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Human relaxin-2: historical perspectives and role in cancer biology

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Abstract

One of the most recognised and studied family of peptide hormones is the insulin superfamily. Within this family is the relaxin subfamily which comprises seven members: relaxin-1, -2 and -3 and insulin-like peptides 3, 4, 5 and 6. Besides exhibiting sequence similarities, each member exists as an active A–B heterodimer linked by three disulfide bonds. This mini-review is divided into three broad themes: an overview of all insulin superfamily members (including structural similarities); roles of each superfamily member and finally, a focus on the pleiotropic peptide hormone, human relaxin-2. In addition to promoting vasodilatory effects leading to evaluation in Phase III clinical trials for the treatment of acute heart failure, relaxin has recently been shown to be highly expressed by cancer cells, aiding in their proliferation, invasiveness and metastasis. These contrary effects of relaxin are discussed together with current efforts in the development of relaxin antagonists that may possess future therapeutic potential for the treatment of certain cancers.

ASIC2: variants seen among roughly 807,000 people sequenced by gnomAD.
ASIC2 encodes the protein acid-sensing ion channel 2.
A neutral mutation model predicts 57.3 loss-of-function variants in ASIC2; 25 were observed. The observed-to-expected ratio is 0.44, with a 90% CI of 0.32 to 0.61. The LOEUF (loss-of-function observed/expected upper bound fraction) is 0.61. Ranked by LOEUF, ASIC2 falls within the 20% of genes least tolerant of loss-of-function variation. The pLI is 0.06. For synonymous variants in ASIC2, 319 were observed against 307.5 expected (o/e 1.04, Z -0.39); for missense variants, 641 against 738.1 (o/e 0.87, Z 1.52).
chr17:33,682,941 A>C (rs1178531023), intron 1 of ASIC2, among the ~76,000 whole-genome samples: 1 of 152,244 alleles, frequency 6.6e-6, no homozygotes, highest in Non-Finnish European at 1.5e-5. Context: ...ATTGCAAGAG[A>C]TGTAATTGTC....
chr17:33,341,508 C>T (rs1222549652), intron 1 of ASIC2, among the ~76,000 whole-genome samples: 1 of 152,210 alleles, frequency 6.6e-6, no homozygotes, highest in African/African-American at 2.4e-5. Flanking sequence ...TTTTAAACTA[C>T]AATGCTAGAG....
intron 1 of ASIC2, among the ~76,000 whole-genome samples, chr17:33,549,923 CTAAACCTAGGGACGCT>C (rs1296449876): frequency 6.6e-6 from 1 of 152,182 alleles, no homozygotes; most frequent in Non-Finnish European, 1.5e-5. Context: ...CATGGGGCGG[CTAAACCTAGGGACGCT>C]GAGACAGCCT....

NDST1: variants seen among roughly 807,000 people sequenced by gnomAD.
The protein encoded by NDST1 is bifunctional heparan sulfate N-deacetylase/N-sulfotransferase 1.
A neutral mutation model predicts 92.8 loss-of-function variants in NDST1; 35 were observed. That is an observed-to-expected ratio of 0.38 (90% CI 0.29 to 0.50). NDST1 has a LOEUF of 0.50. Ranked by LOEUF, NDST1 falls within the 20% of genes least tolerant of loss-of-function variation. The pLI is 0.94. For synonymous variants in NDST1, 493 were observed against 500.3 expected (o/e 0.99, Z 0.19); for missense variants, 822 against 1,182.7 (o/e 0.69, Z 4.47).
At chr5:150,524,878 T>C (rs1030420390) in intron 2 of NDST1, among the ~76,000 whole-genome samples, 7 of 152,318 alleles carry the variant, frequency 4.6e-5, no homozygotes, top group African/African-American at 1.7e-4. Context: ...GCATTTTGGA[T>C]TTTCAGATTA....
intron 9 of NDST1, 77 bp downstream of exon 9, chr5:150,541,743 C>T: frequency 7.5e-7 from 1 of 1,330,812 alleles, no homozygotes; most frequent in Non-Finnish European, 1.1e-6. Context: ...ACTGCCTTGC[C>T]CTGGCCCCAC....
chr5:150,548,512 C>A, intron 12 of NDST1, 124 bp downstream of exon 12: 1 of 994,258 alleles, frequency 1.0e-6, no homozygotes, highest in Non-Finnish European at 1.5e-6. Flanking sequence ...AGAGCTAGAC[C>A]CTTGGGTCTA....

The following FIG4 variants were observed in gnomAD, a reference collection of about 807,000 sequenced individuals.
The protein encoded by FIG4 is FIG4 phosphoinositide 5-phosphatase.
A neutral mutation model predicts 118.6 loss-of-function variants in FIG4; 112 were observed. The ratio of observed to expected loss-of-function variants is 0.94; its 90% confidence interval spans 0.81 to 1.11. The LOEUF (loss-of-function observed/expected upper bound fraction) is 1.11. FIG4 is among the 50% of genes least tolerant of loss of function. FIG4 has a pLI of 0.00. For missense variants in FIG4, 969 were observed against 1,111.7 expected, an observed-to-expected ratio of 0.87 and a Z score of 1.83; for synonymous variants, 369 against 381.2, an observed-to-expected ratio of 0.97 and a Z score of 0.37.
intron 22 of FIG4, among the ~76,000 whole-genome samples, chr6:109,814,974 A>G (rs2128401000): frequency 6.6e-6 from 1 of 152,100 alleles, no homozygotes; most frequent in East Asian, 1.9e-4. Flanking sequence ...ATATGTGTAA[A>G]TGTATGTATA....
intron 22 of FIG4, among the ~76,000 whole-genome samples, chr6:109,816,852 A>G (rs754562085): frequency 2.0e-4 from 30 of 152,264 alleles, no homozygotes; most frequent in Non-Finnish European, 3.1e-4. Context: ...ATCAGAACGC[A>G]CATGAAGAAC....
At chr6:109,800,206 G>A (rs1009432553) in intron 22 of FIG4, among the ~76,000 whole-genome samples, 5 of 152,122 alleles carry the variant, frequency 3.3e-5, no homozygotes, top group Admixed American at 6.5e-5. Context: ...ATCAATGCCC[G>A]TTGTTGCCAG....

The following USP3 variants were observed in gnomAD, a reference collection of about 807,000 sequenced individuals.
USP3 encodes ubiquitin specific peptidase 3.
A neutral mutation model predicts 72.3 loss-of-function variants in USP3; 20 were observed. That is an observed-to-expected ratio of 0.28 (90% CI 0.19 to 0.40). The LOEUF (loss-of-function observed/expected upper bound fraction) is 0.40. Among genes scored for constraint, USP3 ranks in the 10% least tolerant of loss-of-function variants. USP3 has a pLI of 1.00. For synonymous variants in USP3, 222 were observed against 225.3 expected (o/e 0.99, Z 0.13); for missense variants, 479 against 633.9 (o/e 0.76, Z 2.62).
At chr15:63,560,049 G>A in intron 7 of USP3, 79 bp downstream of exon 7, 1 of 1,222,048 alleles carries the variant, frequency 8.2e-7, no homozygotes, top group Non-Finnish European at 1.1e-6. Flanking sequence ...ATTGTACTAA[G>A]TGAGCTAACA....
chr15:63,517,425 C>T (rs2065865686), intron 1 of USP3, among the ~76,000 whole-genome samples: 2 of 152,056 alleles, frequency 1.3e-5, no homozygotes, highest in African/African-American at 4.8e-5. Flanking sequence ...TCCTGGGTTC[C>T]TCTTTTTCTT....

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Acknowledgments

V.B.N. is a recipient of a Melbourne Research Scholarship by the University of Melbourne; C.S.S. is supported by a National Heart Foundation of Australia and National Health and Medical Research Council (NHMRC) of Australia RD Wright Fellowship; M.A.H was the recipient of Reid Trust and Florey Foundation Trust Fellowships and J.D.W is an NHMRC Principal Research Fellow. Some of the authors’ research reported in this review was supported by NHMRC Project Grants 508995 and 1023078. Research at the FNI was supported by the Victorian Government’s Operational Infrastructure Support Program.

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The authors declare that they have no conflict of interest.

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Nair, V.B., Samuel, C.S., Separovic, F. et al. Human relaxin-2: historical perspectives and role in cancer biology. Amino Acids 43, 1131–1140 (2012). https://doi.org/10.1007/s00726-012-1375-y

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